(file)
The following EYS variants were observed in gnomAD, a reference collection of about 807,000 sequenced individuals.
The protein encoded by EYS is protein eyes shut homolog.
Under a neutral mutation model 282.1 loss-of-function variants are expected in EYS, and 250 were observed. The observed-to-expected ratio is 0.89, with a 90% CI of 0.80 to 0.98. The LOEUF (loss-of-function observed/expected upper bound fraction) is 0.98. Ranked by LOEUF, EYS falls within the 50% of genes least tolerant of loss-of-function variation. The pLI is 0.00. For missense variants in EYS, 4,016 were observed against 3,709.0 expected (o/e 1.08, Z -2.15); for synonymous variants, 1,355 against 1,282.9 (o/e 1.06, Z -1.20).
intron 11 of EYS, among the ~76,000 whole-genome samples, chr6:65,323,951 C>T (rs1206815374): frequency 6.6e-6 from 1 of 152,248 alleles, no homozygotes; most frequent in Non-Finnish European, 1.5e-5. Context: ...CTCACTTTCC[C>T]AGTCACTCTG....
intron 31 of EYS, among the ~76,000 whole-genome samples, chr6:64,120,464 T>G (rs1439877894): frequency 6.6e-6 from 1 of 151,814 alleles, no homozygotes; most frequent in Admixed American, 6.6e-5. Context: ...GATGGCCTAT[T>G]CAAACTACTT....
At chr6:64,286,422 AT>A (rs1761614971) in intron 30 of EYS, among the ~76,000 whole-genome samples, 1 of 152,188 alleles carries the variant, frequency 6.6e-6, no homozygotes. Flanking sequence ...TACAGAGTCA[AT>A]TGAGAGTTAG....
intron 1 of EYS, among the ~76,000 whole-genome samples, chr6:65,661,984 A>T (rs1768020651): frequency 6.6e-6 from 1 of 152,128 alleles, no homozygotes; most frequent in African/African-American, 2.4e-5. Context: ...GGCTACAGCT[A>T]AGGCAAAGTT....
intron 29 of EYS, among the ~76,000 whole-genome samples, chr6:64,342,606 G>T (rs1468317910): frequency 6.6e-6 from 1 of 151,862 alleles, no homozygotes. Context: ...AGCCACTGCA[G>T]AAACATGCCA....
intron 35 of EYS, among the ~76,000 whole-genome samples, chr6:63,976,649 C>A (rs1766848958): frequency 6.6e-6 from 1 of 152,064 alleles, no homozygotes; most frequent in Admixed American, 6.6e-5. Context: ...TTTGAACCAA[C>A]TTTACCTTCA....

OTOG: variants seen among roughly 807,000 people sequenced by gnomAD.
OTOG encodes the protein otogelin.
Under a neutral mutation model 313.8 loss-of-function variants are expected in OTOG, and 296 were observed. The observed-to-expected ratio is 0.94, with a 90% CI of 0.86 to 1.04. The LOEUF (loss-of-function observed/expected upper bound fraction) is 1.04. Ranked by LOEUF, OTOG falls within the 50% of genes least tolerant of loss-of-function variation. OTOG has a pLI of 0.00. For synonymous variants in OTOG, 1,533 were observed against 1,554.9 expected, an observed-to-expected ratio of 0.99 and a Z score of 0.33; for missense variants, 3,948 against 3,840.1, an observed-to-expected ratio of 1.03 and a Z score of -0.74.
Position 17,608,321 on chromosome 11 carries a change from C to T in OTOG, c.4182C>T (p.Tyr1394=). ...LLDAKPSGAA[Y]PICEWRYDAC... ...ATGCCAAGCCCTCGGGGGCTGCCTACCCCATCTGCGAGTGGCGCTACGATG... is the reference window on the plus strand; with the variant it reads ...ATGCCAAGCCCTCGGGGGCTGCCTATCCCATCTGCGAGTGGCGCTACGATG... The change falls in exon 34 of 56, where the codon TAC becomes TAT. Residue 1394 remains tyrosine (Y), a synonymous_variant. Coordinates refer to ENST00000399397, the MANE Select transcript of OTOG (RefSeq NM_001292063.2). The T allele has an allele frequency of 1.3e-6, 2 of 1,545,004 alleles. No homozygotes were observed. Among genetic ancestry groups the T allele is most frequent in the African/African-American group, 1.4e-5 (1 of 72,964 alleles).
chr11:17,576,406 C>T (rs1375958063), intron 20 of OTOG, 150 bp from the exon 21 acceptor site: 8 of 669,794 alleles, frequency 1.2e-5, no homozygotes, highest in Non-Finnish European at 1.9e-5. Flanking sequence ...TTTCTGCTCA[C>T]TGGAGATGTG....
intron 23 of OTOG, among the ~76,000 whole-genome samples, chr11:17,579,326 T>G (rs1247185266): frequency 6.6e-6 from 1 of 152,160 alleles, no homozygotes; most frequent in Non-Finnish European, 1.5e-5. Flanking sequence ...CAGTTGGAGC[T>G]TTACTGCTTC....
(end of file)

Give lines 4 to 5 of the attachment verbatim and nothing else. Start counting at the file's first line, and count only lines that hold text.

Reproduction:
intron 11 of EYS, among the ~76,000 whole-genome samples, chr6:65,323,951 C>T (rs1206815374): frequency 6.6e-6 from 1 of 152,248 alleles, no homozygotes; most frequent in Non-Finnish European, 1.5e-5. Context: ...CTCACTTTCC[C>T]AGTCACTCTG....
intron 31 of EYS, among the ~76,000 whole-genome samples, chr6:64,120,464 T>G (rs1439877894): frequency 6.6e-6 from 1 of 151,814 alleles, no homozygotes; most frequent in Admixed American, 6.6e-5. Context: ...GATGGCCTAT[T>G]CAAACTACTT....